The Johnson League Ranch

The Double S Ranch is engulfed with a rich history. The Johnson League Ranch neighbors the Double S Ranch. The history of the Johnson League Ranch is very interesting and in some ways a little erie. 

Two brothers, William Whipple Johnson and Harvey Johnson came to Texas in 1880. They moved down to Texas because Texas had a "sheltering statute of limitations on old debts law." The brothers were escaping creditors in Iona, Michigan. The brothers were instrumental in supplying cedar cross ties and fence posts along the railroad that was being built from Fort Worth to El Paso. They were also involved in the discovery of coal in the area in 1887. The brothers ran into some labor issues and their coal company was not profitable. They sold their business. Later, W.W Johnson was in the oil business and was the president of the Forest Oil Company until his death.

W.W Johnson married Anna Fatzinger shortly after he moved to Strawn, TX. They had two children who both became ill and died. Both Mr. and Mrs. Johnson had a horrible fear of being buried, so they decided to keep their children's bodies in their own rooms in their house in Stawn. They even changed their clothes daily. 

Not much later Mr. Johnson got into the cattle business and bought 4,200 acres (a league of land) on Palo Pinto Creek in 1905. The land was the John Bird League Survery that was surveyed in 1850, and was the first deed recorded in Palo Pinto County after its organization in 1857.  This league of land was originally awarded to a black man named, John Bird, as a reward for his fighting in the Texas Revolution. Therefore, the land has always been known as the Johnson League Ranch.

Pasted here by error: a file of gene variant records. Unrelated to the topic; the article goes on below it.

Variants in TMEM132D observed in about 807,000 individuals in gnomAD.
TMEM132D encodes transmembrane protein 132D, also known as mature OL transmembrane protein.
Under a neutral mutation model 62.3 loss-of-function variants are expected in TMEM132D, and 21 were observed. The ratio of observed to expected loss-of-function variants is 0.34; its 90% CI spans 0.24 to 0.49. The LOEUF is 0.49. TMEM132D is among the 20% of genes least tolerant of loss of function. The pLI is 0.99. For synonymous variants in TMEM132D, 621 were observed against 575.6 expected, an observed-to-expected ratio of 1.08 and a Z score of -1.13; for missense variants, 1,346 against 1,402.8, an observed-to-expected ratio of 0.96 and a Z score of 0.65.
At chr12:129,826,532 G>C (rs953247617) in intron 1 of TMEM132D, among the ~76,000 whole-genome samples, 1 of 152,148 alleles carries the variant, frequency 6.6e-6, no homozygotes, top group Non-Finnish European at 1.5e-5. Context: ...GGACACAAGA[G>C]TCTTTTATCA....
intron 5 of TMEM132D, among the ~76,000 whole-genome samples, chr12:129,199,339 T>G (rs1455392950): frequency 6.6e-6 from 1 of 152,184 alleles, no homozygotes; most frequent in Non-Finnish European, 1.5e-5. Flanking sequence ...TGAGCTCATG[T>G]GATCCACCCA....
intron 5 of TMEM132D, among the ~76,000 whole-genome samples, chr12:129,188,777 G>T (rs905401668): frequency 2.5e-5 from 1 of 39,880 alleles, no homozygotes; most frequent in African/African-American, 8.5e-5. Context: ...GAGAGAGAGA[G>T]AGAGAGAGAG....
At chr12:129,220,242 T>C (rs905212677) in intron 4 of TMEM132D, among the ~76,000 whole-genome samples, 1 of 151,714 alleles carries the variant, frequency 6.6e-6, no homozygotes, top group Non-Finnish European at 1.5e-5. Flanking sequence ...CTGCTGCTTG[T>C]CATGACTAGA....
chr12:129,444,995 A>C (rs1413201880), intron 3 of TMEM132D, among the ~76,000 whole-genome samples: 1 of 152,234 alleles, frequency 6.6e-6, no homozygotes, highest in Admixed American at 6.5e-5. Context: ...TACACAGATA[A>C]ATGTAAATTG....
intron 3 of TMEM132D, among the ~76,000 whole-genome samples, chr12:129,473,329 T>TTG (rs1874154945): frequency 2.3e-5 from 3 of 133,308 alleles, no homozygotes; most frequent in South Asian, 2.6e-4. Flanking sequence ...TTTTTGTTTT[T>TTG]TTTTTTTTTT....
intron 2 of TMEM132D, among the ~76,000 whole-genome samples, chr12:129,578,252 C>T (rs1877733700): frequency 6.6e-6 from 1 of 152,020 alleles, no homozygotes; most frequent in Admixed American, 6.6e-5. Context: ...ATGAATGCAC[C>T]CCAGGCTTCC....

The Johnson's built a beautiful country estate on their new property. They also built a wooden mausoleum to hold the bodies of their children. This mausoleum was built in close proximity to the Johnson's bedroom. In 1908 the Palo Pinto Creek flooded and washed the mausoleum away. The mausoleum was lassoed by ranch hands and brought back the the house.  The Johnson's decided that they should move the mausoleum to the highest point of the property. This point is known as Salt Point.

At the age of 71, Mr. Johnson died in 1914. He was also entombed with his children in the mausoleum. In 1922 Mrs. Johnson died. She had requested in her will that $10,000-$25,000 was to be spent to build a permanent mausoleum. The present structure (18X18 feet) is built of native rock with a small rock wall surrounding it. On the side of the mausoleum is the inscription, "Residents of Palo Pinto County from the year 1880. Pioneers in the development of our natural resources. Leaders in all matters of material and moral progress. Their works do follow them." 

Mrs. Johnson's niece, Cornelia Crocker, inherited the estate in 1922. In the 1930's she sold it to Claude Allen. Then, A.D. Crawford inherited the ranch in 1960. in 1965, Palo Pinto Lake was built and a portion of the league's 4,200 acres was underwater. Today the ranch is still apart of the Crawford family.